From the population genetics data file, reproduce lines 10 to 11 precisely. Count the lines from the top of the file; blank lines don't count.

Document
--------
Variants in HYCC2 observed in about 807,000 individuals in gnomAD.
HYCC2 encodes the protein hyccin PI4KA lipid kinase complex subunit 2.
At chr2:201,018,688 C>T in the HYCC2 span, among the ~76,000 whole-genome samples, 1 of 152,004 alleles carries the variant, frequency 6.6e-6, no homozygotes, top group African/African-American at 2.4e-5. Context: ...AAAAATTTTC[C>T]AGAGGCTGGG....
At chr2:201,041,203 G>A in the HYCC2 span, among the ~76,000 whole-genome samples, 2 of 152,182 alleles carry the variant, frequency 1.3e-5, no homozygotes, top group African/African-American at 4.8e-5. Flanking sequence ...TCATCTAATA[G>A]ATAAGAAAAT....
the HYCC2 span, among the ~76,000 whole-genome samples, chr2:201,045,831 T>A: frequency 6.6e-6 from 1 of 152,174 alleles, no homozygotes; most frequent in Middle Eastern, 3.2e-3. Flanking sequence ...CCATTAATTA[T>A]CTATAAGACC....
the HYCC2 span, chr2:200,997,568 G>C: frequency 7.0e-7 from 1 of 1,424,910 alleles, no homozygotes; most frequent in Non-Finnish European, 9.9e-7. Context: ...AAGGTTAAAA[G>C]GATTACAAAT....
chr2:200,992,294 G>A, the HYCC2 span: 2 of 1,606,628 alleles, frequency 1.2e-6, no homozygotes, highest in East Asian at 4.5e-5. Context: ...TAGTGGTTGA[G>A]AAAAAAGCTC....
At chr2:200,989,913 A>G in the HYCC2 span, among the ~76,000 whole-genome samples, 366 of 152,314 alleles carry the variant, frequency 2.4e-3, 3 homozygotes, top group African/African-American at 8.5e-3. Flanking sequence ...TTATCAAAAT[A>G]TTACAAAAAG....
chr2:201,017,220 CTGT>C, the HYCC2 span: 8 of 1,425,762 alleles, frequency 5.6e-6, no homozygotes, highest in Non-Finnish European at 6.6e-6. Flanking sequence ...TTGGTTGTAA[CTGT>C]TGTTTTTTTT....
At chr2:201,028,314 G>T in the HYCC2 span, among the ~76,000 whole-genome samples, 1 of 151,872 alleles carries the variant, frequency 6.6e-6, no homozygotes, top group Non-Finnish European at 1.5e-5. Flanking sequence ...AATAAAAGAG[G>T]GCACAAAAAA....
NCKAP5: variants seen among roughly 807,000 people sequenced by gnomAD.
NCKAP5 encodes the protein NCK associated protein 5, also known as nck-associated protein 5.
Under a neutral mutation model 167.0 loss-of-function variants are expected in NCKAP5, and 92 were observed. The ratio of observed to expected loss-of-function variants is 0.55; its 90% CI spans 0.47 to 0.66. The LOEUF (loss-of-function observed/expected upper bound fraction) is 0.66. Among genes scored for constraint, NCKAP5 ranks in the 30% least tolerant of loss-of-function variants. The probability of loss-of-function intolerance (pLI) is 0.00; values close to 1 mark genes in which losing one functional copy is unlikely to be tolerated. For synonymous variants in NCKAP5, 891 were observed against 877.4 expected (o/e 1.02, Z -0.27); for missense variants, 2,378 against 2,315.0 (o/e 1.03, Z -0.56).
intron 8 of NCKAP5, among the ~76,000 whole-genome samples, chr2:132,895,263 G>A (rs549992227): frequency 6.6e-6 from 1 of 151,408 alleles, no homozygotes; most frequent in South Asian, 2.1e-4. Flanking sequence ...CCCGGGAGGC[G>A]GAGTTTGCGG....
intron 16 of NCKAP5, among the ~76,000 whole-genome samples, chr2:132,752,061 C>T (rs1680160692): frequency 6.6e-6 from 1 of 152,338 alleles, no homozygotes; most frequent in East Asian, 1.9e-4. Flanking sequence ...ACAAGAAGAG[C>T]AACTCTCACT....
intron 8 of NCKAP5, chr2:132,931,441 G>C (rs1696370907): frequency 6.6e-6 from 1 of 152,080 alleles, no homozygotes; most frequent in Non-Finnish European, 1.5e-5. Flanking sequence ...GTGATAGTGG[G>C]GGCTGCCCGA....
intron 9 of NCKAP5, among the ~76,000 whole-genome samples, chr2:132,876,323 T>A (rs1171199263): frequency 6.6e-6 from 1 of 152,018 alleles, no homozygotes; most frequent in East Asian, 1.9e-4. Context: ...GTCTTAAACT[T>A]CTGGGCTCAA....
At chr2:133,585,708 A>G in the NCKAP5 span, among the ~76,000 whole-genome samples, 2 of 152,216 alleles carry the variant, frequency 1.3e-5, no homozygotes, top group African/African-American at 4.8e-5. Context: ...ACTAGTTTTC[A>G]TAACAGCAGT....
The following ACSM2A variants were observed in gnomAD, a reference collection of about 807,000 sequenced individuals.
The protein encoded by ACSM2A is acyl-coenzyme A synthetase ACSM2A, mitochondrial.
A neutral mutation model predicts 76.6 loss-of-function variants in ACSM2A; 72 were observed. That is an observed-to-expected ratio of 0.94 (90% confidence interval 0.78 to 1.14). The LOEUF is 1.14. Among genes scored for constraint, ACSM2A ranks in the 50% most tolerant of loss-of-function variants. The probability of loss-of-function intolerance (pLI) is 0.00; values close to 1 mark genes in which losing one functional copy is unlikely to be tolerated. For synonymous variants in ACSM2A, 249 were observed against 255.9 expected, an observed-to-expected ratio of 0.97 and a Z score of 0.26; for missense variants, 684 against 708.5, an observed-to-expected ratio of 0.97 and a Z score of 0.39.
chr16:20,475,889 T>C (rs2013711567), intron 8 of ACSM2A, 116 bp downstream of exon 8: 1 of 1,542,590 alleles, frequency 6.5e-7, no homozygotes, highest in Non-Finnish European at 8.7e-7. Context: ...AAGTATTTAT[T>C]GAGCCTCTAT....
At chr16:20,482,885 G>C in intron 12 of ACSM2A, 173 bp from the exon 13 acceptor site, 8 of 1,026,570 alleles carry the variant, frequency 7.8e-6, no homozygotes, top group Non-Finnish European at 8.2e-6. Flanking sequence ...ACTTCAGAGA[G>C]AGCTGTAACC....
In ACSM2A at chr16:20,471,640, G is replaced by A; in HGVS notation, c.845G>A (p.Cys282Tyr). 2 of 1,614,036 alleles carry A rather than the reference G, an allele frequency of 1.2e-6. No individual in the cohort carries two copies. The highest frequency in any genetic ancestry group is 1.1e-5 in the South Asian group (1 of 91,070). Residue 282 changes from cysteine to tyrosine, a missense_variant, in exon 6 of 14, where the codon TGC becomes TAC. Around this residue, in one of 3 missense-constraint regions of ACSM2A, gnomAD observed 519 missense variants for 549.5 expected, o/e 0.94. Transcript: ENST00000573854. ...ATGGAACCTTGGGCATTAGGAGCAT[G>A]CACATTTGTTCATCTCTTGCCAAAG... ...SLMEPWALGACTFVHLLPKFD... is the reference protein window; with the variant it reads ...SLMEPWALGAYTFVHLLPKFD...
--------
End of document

At chr2:201,028,314 G>T in the HYCC2 span, among the ~76,000 whole-genome samples, 1 of 151,872 alleles carries the variant, frequency 6.6e-6, no homozygotes, top group Non-Finnish European at 1.5e-5. Flanking sequence ...AATAAAAGAG[G>T]GCACAAAAAA....
NCKAP5: variants seen among roughly 807,000 people sequenced by gnomAD.